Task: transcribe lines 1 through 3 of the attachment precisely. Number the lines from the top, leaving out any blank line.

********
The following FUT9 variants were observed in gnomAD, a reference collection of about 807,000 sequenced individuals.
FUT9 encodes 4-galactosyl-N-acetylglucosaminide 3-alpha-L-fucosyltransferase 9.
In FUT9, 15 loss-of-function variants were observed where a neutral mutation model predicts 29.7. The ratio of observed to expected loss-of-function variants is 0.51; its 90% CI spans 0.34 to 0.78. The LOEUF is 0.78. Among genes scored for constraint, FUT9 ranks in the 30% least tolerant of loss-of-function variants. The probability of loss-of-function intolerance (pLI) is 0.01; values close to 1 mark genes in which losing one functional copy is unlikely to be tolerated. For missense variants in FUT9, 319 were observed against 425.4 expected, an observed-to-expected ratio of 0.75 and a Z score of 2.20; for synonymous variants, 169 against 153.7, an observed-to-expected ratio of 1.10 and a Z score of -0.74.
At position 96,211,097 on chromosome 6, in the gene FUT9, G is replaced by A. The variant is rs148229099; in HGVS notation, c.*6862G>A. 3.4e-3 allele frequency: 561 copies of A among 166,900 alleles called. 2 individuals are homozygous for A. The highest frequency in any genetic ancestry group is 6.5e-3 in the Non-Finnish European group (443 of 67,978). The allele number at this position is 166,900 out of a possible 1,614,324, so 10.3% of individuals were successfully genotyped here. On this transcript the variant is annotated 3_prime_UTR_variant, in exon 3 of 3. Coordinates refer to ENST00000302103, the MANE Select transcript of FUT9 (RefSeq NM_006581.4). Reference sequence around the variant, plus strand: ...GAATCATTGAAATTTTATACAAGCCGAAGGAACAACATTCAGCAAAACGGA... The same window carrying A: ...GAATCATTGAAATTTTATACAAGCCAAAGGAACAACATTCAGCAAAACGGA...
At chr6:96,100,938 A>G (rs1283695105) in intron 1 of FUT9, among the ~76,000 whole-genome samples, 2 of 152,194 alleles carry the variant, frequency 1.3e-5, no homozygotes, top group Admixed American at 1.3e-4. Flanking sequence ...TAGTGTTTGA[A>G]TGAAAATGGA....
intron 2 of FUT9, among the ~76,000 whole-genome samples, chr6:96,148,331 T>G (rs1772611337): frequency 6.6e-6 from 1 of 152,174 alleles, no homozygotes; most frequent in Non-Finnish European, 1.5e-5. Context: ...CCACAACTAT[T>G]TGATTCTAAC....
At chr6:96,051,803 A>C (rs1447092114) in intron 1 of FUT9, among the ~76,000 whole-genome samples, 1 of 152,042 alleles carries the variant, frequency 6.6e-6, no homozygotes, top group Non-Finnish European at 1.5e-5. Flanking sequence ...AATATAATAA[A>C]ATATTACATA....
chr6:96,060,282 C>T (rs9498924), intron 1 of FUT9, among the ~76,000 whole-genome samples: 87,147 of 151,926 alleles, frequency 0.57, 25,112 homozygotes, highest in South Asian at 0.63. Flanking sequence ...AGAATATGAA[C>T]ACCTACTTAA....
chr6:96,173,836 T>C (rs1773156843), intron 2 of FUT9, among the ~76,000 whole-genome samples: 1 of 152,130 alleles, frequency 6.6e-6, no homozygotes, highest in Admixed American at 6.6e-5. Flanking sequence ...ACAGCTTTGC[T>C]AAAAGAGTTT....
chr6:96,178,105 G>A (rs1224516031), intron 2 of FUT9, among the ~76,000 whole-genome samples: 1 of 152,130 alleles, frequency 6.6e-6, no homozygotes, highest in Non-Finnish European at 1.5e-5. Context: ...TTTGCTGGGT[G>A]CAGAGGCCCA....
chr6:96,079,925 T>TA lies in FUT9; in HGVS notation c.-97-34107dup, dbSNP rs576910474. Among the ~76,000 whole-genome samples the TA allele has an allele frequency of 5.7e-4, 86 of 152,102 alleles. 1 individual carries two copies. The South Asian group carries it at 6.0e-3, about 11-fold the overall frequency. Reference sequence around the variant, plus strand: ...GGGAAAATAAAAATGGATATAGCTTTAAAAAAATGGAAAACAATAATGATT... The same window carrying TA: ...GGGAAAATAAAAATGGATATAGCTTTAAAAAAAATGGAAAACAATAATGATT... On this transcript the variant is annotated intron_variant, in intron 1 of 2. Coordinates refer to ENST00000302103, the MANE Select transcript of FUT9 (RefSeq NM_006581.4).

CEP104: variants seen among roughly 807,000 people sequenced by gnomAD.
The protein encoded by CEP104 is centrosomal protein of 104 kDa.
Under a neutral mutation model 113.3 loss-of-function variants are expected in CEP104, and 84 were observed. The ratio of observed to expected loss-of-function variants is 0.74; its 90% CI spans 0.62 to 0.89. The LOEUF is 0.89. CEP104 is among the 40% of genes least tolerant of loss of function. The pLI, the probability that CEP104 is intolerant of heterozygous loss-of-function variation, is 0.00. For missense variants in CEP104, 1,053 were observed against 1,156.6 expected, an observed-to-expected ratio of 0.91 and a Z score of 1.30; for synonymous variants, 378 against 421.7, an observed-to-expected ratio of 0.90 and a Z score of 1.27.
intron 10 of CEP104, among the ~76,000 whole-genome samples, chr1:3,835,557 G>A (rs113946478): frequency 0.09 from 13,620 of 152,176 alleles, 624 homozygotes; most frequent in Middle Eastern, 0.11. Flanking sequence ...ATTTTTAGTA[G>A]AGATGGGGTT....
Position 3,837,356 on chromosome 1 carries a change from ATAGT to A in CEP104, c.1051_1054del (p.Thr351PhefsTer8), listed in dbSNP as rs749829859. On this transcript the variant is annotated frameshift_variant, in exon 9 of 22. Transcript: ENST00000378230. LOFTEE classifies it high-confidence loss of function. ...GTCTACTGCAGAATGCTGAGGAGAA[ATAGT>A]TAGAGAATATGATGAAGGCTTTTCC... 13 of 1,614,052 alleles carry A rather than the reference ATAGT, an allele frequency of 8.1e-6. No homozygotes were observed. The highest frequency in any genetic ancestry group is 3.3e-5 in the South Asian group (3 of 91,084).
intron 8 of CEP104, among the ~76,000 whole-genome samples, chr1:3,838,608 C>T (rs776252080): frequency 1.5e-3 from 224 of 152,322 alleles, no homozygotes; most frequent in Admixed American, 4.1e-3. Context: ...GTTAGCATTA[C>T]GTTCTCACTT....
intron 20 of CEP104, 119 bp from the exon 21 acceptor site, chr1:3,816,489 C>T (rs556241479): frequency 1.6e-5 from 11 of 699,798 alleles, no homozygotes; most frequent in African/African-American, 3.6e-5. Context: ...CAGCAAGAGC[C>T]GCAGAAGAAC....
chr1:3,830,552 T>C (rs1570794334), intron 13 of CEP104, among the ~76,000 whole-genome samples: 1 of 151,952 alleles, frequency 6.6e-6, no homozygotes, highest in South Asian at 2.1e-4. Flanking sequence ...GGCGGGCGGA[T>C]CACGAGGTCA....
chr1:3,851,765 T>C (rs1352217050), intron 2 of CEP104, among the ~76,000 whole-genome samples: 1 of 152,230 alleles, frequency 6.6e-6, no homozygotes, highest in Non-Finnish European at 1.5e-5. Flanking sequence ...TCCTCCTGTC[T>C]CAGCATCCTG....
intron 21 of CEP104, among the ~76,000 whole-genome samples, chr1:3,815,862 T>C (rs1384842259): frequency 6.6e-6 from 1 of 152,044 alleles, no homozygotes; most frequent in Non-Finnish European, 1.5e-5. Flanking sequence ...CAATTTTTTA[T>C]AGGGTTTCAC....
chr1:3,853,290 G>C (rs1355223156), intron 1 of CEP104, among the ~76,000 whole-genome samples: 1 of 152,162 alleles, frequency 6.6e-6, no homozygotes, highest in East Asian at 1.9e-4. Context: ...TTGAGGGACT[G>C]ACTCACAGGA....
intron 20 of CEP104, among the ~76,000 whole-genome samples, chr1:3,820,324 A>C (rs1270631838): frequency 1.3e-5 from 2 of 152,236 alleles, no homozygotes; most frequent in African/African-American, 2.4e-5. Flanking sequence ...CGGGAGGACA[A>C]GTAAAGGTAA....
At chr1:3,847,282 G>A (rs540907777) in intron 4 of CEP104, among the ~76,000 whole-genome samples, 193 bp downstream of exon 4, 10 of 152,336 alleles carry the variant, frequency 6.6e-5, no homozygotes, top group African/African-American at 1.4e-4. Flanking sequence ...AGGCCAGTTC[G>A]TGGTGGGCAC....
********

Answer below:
The following FUT9 variants were observed in gnomAD, a reference collection of about 807,000 sequenced individuals.
FUT9 encodes 4-galactosyl-N-acetylglucosaminide 3-alpha-L-fucosyltransferase 9.
In FUT9, 15 loss-of-function variants were observed where a neutral mutation model predicts 29.7. The ratio of observed to expected loss-of-function variants is 0.51; its 90% CI spans 0.34 to 0.78. The LOEUF is 0.78. Among genes scored for constraint, FUT9 ranks in the 30% least tolerant of loss-of-function variants. The probability of loss-of-function intolerance (pLI) is 0.01; values close to 1 mark genes in which losing one functional copy is unlikely to be tolerated. For missense variants in FUT9, 319 were observed against 425.4 expected, an observed-to-expected ratio of 0.75 and a Z score of 2.20; for synonymous variants, 169 against 153.7, an observed-to-expected ratio of 1.10 and a Z score of -0.74.